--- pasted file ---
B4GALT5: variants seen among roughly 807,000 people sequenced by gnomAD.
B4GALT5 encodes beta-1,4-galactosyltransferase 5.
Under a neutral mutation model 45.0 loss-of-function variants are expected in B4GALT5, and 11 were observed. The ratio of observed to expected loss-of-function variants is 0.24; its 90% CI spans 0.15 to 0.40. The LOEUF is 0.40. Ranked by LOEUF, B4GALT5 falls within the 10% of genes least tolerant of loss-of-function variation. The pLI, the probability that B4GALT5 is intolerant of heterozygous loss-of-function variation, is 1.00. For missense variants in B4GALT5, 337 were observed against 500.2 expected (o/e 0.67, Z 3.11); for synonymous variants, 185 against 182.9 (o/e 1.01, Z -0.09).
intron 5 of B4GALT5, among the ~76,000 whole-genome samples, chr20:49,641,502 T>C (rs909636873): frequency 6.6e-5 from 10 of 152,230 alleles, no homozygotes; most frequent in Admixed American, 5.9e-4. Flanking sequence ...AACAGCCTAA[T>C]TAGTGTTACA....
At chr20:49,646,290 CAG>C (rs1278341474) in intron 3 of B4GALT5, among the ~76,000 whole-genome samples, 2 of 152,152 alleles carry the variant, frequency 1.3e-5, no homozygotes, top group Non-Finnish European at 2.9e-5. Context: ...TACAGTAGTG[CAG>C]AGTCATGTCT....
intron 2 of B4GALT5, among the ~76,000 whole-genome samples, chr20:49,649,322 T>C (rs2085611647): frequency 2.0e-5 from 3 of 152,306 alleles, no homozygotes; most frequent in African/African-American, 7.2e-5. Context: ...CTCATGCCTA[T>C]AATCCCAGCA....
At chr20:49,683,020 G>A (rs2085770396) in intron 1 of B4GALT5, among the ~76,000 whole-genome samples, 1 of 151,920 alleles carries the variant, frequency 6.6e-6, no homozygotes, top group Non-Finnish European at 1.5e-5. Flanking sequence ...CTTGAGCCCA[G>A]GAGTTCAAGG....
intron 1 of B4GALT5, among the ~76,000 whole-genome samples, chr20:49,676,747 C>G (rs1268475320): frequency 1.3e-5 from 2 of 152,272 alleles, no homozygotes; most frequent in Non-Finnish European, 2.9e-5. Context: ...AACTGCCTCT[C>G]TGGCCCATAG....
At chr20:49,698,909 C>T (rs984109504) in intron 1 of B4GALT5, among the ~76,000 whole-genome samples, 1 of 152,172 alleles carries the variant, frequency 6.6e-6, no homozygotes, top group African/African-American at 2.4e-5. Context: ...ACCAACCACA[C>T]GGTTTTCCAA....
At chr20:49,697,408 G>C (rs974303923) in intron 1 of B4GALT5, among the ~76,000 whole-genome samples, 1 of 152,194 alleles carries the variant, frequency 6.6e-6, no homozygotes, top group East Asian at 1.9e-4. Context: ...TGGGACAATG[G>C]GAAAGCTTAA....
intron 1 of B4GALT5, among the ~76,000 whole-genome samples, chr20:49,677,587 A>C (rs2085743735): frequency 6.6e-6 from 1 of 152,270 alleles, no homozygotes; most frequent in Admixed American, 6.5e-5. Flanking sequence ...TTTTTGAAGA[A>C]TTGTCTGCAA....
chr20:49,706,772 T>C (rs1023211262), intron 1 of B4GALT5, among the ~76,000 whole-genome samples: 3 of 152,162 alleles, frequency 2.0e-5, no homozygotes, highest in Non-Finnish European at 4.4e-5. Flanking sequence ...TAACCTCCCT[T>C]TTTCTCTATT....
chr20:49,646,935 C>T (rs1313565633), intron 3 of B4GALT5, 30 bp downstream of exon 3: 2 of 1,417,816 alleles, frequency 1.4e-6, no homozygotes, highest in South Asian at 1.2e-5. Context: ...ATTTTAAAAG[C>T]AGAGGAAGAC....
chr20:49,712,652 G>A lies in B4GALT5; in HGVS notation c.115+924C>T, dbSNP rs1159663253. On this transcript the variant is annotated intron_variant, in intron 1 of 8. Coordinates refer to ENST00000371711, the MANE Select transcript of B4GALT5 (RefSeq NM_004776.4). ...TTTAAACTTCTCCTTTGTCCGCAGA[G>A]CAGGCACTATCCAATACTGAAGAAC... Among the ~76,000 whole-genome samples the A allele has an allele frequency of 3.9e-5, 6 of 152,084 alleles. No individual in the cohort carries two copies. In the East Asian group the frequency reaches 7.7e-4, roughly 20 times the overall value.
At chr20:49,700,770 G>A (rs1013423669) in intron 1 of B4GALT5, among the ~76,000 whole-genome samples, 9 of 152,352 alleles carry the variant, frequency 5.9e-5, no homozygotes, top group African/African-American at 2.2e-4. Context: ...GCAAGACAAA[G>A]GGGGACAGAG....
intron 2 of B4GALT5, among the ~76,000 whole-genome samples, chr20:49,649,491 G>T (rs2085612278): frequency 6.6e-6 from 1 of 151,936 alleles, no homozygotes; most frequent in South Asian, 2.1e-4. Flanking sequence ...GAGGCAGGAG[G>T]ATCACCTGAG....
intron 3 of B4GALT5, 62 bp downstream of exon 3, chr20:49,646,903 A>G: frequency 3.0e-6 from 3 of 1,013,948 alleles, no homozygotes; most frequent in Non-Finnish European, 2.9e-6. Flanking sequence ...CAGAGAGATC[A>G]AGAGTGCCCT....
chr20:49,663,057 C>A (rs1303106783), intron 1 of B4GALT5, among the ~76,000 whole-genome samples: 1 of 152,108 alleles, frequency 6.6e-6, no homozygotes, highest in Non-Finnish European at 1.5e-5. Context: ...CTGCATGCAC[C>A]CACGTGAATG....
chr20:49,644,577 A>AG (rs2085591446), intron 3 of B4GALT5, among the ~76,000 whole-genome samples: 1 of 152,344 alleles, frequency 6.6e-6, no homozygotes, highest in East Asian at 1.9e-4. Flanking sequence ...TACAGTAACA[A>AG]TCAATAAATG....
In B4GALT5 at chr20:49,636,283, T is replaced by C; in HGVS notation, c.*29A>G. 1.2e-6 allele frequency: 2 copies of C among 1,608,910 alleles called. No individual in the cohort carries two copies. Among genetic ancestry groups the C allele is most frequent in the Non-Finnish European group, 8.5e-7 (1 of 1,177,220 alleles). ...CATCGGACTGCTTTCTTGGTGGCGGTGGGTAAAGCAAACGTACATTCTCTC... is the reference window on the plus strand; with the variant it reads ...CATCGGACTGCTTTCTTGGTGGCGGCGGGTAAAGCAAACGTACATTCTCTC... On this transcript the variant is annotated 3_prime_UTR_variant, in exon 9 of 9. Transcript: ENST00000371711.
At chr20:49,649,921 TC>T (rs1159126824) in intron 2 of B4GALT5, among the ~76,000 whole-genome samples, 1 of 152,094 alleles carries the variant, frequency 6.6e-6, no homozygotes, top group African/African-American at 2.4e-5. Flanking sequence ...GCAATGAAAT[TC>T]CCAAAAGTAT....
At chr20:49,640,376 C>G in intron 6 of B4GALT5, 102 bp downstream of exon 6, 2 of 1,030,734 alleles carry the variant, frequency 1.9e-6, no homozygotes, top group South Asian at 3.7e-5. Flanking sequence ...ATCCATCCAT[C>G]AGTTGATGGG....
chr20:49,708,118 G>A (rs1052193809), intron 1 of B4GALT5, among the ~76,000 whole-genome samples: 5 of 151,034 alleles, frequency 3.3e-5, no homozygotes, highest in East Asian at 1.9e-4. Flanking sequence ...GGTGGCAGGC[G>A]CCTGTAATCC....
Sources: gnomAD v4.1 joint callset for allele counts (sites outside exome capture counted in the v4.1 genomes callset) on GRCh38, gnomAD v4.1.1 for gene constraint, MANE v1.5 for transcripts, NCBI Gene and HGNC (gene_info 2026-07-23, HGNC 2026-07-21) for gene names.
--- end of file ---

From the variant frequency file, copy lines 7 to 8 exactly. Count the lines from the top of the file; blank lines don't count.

At chr20:49,683,020 G>A (rs2085770396) in intron 1 of B4GALT5, among the ~76,000 whole-genome samples, 1 of 151,920 alleles carries the variant, frequency 6.6e-6, no homozygotes, top group Non-Finnish European at 1.5e-5. Flanking sequence ...CTTGAGCCCA[G>A]GAGTTCAAGG....
intron 1 of B4GALT5, among the ~76,000 whole-genome samples, chr20:49,676,747 C>G (rs1268475320): frequency 1.3e-5 from 2 of 152,272 alleles, no homozygotes; most frequent in Non-Finnish European, 2.9e-5. Context: ...AACTGCCTCT[C>G]TGGCCCATAG....